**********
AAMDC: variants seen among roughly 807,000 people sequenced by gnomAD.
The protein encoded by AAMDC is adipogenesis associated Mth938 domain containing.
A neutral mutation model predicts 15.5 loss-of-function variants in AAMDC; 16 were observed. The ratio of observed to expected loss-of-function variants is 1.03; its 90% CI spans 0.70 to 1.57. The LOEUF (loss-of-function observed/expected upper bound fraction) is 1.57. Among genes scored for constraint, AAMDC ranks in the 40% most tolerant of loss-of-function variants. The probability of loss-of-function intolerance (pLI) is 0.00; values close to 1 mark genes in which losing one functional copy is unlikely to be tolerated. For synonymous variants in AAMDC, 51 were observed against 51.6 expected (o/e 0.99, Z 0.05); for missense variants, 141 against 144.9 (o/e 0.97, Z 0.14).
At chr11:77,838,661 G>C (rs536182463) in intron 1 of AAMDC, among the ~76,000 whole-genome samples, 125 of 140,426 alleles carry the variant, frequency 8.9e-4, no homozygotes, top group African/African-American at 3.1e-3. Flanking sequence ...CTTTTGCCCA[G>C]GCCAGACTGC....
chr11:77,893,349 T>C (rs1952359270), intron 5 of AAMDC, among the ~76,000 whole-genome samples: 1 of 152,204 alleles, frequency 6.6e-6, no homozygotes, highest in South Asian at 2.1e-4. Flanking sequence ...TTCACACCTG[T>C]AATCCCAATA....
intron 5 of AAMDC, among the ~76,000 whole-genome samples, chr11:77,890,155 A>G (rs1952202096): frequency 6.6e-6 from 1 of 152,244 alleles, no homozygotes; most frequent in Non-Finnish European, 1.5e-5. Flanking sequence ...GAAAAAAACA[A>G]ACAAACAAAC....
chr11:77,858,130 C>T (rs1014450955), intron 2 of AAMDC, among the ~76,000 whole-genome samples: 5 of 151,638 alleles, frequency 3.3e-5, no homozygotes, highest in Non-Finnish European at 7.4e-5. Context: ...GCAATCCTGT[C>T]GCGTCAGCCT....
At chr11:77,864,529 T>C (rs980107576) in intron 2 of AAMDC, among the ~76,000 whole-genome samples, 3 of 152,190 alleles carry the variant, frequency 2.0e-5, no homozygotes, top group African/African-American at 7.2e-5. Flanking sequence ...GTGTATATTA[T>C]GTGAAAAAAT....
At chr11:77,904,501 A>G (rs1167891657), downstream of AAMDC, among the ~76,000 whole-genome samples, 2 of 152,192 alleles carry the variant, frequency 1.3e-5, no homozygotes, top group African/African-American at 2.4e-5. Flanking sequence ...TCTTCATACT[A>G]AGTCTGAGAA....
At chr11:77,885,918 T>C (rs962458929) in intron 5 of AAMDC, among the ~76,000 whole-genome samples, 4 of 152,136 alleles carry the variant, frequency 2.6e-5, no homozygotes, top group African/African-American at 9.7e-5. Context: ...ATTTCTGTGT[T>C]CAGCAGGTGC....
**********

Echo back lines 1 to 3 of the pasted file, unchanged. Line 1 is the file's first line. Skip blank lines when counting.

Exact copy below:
AAMDC: variants seen among roughly 807,000 people sequenced by gnomAD.
The protein encoded by AAMDC is adipogenesis associated Mth938 domain containing.
A neutral mutation model predicts 15.5 loss-of-function variants in AAMDC; 16 were observed. The ratio of observed to expected loss-of-function variants is 1.03; its 90% CI spans 0.70 to 1.57. The LOEUF (loss-of-function observed/expected upper bound fraction) is 1.57. Among genes scored for constraint, AAMDC ranks in the 40% most tolerant of loss-of-function variants. The probability of loss-of-function intolerance (pLI) is 0.00; values close to 1 mark genes in which losing one functional copy is unlikely to be tolerated. For synonymous variants in AAMDC, 51 were observed against 51.6 expected (o/e 0.99, Z 0.05); for missense variants, 141 against 144.9 (o/e 0.97, Z 0.14).